Song is Delta's low-cost, modern airline that's supposed to compete with other low-cost, modern airlines such as Ted and jetBlue. On the company's website, and in their advertising, they promise "first class entertainment at every seat" and boast of "11 video games" that will help create the feeling of "your living room [if it] could cruise at 30,000 feet."

We're shocked (just shocked) to report that their advertising may be exaggerating the value of the entertainment just a wee bit. Are the following games "first class" versions of their "living room" counterparts?

  • In-Flight Poker: multiplayer poker
  • Alchemy: a "magical puzzler"
  • Atomica: another puzzler. Is it magical? No, it's "nuclear!"
  • Bejeweled: another puzzler. Is it nuclear? No, it's "furious fun!"
  • Big Money: another puzzler in which "Greed is good!"
  • Bookworm: another puzzler. With worms. Would be more exciting if they were of the hook, not book variety.
  • Dynomite: another puzzler. "Prehistoric" ... finally some truth in advertising.
  • Noah's Ark. another puzzler. Like mahjong with animals.
  • Insaniquarium. Holy hell it's not a puzzler. It's a fish tending sim... with aliens.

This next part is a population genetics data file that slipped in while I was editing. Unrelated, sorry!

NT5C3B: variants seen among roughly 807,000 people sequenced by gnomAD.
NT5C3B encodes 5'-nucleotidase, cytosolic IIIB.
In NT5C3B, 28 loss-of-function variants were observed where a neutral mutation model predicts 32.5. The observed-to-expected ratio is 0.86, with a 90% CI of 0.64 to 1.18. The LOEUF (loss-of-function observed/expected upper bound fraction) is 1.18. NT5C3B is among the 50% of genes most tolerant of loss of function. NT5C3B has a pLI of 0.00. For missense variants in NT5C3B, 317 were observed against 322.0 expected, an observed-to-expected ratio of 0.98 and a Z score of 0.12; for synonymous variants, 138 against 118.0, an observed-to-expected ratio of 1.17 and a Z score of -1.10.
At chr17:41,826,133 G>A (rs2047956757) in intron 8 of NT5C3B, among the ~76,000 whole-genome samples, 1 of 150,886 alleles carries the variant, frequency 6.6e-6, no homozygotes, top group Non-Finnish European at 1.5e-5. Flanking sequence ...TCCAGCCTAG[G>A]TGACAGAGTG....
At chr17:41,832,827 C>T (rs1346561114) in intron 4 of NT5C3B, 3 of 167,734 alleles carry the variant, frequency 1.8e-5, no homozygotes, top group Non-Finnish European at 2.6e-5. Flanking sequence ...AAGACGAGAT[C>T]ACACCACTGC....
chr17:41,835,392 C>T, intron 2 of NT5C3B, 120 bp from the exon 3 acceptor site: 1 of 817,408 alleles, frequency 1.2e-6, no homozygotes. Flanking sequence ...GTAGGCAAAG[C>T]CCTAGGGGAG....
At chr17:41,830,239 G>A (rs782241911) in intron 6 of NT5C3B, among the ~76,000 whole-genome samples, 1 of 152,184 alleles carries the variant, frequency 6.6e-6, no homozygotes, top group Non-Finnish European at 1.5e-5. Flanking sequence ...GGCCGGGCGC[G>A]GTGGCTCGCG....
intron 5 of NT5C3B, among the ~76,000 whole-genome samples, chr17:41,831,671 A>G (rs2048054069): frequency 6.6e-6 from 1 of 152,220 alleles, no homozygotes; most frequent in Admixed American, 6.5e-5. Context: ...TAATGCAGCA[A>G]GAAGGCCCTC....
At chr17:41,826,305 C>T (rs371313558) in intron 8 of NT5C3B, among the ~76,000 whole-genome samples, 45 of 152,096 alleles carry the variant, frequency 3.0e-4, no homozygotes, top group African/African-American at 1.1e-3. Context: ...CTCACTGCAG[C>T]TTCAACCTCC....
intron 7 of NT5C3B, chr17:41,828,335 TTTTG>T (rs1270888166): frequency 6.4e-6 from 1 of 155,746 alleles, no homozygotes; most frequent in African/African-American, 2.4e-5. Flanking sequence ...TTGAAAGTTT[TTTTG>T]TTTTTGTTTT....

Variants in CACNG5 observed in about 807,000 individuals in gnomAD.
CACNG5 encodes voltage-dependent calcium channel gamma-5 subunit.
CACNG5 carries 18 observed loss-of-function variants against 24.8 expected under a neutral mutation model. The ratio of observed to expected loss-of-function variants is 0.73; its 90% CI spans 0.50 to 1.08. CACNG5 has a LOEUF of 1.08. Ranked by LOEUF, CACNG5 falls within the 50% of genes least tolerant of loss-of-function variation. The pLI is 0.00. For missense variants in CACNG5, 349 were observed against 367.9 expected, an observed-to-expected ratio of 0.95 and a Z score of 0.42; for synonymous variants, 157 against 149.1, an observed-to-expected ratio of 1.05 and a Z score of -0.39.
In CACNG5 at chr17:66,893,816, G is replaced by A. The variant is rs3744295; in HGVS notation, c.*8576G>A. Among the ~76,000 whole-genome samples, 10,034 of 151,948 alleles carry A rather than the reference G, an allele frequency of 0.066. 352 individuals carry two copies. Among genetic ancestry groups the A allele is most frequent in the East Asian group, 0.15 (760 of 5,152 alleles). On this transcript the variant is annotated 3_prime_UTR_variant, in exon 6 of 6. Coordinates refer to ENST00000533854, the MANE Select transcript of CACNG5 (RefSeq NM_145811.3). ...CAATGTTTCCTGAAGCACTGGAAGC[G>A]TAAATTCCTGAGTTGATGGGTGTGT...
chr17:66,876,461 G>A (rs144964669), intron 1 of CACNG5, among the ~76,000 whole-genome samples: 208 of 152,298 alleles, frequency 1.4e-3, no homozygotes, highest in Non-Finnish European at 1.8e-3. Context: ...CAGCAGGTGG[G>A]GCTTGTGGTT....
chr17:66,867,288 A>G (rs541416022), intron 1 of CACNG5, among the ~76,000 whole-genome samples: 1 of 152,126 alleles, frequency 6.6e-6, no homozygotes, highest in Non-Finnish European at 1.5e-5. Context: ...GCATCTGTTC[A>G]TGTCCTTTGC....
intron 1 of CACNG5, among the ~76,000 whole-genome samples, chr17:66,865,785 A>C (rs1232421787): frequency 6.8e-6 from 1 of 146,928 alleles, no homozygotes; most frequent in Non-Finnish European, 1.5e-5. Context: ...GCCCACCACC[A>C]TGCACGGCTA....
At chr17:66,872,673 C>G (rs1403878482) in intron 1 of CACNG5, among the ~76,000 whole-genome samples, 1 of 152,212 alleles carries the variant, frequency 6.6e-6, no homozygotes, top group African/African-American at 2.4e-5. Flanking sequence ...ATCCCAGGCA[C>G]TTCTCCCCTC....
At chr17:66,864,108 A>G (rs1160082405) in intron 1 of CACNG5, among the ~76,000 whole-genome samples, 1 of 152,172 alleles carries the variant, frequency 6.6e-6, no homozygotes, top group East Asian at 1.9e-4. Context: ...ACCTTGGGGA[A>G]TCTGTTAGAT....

We're still waiting for the airline that hands every traveler a PSP or a DS upon boarding. Airlines generally provide current in-flight films. Why can't they provide current game experiences? We're not saying that these games are bad, we're saying that Song is overselling them and is inadvertently pointing out the paucity of in-flight gaming options compared to other in-flight entertainment options. Travelers aren't forced to listen to midi versions of their favorite songs nor are they forced to watch black-and-white versions of movies. So why are they subjected to such a paltry list of rudimentary and same-seeming games? One day, planes might carry the best of gaming.

Until then, pack your own portable device of choice: ideally one that offers more than mere puzzlers.

This article was originally published on Joystiq.

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